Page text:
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Picking the Perfect Camping Stove

Often our experiences in the outdoors hinge on our level of preparedness, most importantly having the proper stove and tools for successful meals. At the end of a long day hiking, running, driving, or climbing, nothing beats a satisfying meal surrounded by good company (be that people, or the beautiful solitude of the Great Outdoors). There are a lot of factors that play into what type of "kitchen" you'll take with you on various excursions. Let's dive into some alfresco cooking options, including a few we sell at Laramie's Basecamp. 

 The Trusty Mule: Also known as a Coleman Double Burner stove. This cooking system allows you to get very creative with your outdoor cooking skills. It feeds many people efficiently, has side flaps to block the wind, and it can be set up easily in the trunk of a car or on a camping table. The propane canisters required can be easily obtained at fishing and hunting stores, outdoor gear shops, and even gas stations and the attachment hose makes it easy to use a larger propane tank if desired. During the summer when many campgrounds face bans on open fires, the double burner camp stove is a great option. Simultaneously, you can boil water for coffee while roasting s'mores or cook eggs separately, to varying degrees of sunnyside up-ness, for the picky eaters at your site. 

 The "Flash" Boiler: Known for producing the fastest boil in the backcountry, Jetboil cooking systems are compact, lightweight, and perfect for three-season backpacking trips. The "Flash" cooking kits (which we currently have in stock at Basecamp) advertise a "100 second boil"...that means hot beverages ASAP after a wet summer hike. The main body of the Jetboil stove neatly fits the 100 gram fuel canister, stand, and the burner inside, making short backpacking trips easy-peasy. Jetboil sells larger stove options on their website for your group needs, while the Flash system works perfectly for one to two people. Recycling the canisters can be a problem, but bring your old ones down to Laramie's Basecamp and we'll recycle them for you....or purchase a "crunch it" tool and learn how you can dispose of them safely on your own.  

 The City Slicker: For those who want a "campground" experience while being able to charge their electronics, this Biolite Camp Stove is for you! Once you pack the column with sticks and twigs you quickly have an almost smoke-free fire. 1 liter of water boils in about 4.5 minutes and you can find lanterns, solar powered panels, and other fun accessories on their website here. The CampStove 2 Bundle has attachments to grill, boil, and cook meals and offers up 3W of power to charge your devices. The system packs down very compactly and you burn biomass that you find around you. Pro- no hassle with fuel canisters or propane tanks. Con-you search out your own fuel after your long hike and if you live in a wet climate, good luck.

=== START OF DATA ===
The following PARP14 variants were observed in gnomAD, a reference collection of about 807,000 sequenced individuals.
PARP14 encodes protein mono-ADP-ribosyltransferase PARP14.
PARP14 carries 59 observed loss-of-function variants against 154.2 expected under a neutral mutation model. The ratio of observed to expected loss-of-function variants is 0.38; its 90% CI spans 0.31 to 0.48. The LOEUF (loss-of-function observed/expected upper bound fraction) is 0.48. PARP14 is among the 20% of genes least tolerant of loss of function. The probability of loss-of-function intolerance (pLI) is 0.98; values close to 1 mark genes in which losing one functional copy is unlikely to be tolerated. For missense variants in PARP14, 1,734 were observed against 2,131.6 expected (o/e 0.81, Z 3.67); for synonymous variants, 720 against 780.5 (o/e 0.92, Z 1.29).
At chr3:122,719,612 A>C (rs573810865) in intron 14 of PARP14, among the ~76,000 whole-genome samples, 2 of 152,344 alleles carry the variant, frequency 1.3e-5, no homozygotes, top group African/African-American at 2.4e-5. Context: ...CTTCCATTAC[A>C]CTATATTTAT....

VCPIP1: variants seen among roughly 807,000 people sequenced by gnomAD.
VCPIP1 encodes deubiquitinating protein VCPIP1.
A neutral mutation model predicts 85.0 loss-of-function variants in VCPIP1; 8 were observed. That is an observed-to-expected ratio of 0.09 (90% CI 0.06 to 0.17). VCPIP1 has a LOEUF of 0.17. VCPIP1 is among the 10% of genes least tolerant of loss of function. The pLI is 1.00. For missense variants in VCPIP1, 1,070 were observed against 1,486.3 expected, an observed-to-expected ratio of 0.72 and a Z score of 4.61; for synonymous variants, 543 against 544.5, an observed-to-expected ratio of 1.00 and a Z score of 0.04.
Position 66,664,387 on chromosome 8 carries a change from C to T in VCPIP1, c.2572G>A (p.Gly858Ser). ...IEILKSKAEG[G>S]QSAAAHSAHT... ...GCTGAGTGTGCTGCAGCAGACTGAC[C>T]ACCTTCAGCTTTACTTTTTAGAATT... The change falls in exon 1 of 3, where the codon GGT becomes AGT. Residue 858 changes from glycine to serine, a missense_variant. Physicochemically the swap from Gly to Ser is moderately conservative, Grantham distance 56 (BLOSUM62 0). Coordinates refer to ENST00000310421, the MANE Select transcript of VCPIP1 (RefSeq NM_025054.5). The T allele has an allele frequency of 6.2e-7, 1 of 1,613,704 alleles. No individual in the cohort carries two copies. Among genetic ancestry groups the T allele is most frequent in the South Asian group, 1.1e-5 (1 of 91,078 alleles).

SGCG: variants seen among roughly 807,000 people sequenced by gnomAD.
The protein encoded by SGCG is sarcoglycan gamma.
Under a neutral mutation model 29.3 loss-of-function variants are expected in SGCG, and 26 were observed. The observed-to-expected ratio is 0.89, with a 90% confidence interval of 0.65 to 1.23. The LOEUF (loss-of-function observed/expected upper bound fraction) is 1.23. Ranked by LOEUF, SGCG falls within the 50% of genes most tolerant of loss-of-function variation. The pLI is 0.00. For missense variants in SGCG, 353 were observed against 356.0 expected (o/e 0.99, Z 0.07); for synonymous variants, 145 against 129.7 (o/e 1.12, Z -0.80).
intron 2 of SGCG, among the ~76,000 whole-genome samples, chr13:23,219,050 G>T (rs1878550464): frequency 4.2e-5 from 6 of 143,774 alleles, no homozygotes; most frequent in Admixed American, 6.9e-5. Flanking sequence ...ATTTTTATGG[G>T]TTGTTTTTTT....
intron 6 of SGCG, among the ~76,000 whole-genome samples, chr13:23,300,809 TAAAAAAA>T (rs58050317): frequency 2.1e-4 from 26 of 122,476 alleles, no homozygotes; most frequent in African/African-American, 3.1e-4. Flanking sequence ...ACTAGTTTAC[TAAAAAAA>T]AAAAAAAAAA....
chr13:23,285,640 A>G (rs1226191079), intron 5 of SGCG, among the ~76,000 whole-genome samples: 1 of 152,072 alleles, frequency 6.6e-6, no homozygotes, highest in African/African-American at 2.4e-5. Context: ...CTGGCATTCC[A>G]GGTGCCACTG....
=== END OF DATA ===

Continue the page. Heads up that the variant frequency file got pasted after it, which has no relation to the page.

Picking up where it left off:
The Four-Season World Traveler: If you are planning long backpacking trips, traveling across international boarders, or keep finding yourself outdoors in colder regions of the world, this is your stove system. Looking first at fuel weight it would seem that isobutane canisters are lighter in a pack but you have to take into consideration how many you'll need for longer trips and the weight of empty canisters taking up space once they're used. Liquid fuel stoves cost about $1.50 per hour of run-time, whereas a canister stove costs you about $6 per hour and the environmental impact of a refillable container vs. a recyclable one is pretty obvious. In cold temperatures, especially below zero, you will be happily satisfied with a liquid fuel stove as they perform more reliably. And finally, if you plan to travel to remote places, liquid fuel is more easily attainable than gas canisters especially for the MSR WhisperLite International. Come on down to Laramie's Basecamp and check out our new MSR products as you prepare yourself for the 2019 hiking and camping season! 

Stove Breakdown

If you plan to camp out of your car or set up a basecamp for a few days go with the Coleman Double Burner. 

Short backpacking trips requiring lightweight, compact, equipment where you will eat freeze dried meals out of a pouch...Jetboil all the way. 

Long trips in the backcountry with temperature variation, you'll do well to have a liquid fuel stove. Also when traveling globally and focusing on the long-term economical and environmental factors. 

Backpacking trips or campsite camping that necessitate some lights or a phone charged will benefit from the Biolite Camp stove system.